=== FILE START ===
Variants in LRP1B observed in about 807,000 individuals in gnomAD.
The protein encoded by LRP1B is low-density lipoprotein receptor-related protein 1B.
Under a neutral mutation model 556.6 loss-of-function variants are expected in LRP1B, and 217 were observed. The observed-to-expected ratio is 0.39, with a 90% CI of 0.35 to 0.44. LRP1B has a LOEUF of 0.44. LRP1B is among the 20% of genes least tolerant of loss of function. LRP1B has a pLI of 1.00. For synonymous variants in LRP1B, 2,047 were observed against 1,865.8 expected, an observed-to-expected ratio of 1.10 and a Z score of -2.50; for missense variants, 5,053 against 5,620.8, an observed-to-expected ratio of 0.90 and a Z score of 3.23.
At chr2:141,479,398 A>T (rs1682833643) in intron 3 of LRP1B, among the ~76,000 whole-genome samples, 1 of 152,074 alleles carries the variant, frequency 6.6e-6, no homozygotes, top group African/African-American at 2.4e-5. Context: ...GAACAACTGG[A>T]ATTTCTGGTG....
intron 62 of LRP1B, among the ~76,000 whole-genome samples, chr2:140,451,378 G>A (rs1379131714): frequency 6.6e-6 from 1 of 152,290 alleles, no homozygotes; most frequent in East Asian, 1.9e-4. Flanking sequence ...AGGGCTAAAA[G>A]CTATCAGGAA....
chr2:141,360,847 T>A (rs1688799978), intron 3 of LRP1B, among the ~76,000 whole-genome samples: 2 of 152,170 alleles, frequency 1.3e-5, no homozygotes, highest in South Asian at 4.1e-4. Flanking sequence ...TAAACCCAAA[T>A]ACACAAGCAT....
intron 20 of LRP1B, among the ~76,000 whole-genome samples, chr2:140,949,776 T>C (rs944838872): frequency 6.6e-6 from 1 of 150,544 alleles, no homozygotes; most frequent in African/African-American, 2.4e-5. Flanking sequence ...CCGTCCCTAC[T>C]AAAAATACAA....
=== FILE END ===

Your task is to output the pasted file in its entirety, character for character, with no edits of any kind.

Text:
Variants in LRP1B observed in about 807,000 individuals in gnomAD.
The protein encoded by LRP1B is low-density lipoprotein receptor-related protein 1B.
Under a neutral mutation model 556.6 loss-of-function variants are expected in LRP1B, and 217 were observed. The observed-to-expected ratio is 0.39, with a 90% CI of 0.35 to 0.44. LRP1B has a LOEUF of 0.44. LRP1B is among the 20% of genes least tolerant of loss of function. LRP1B has a pLI of 1.00. For synonymous variants in LRP1B, 2,047 were observed against 1,865.8 expected, an observed-to-expected ratio of 1.10 and a Z score of -2.50; for missense variants, 5,053 against 5,620.8, an observed-to-expected ratio of 0.90 and a Z score of 3.23.
At chr2:141,479,398 A>T (rs1682833643) in intron 3 of LRP1B, among the ~76,000 whole-genome samples, 1 of 152,074 alleles carries the variant, frequency 6.6e-6, no homozygotes, top group African/African-American at 2.4e-5. Context: ...GAACAACTGG[A>T]ATTTCTGGTG....
intron 62 of LRP1B, among the ~76,000 whole-genome samples, chr2:140,451,378 G>A (rs1379131714): frequency 6.6e-6 from 1 of 152,290 alleles, no homozygotes; most frequent in East Asian, 1.9e-4. Flanking sequence ...AGGGCTAAAA[G>A]CTATCAGGAA....
chr2:141,360,847 T>A (rs1688799978), intron 3 of LRP1B, among the ~76,000 whole-genome samples: 2 of 152,170 alleles, frequency 1.3e-5, no homozygotes, highest in South Asian at 4.1e-4. Flanking sequence ...TAAACCCAAA[T>A]ACACAAGCAT....
intron 20 of LRP1B, among the ~76,000 whole-genome samples, chr2:140,949,776 T>C (rs944838872): frequency 6.6e-6 from 1 of 150,544 alleles, no homozygotes; most frequent in African/African-American, 2.4e-5. Flanking sequence ...CCGTCCCTAC[T>C]AAAAATACAA....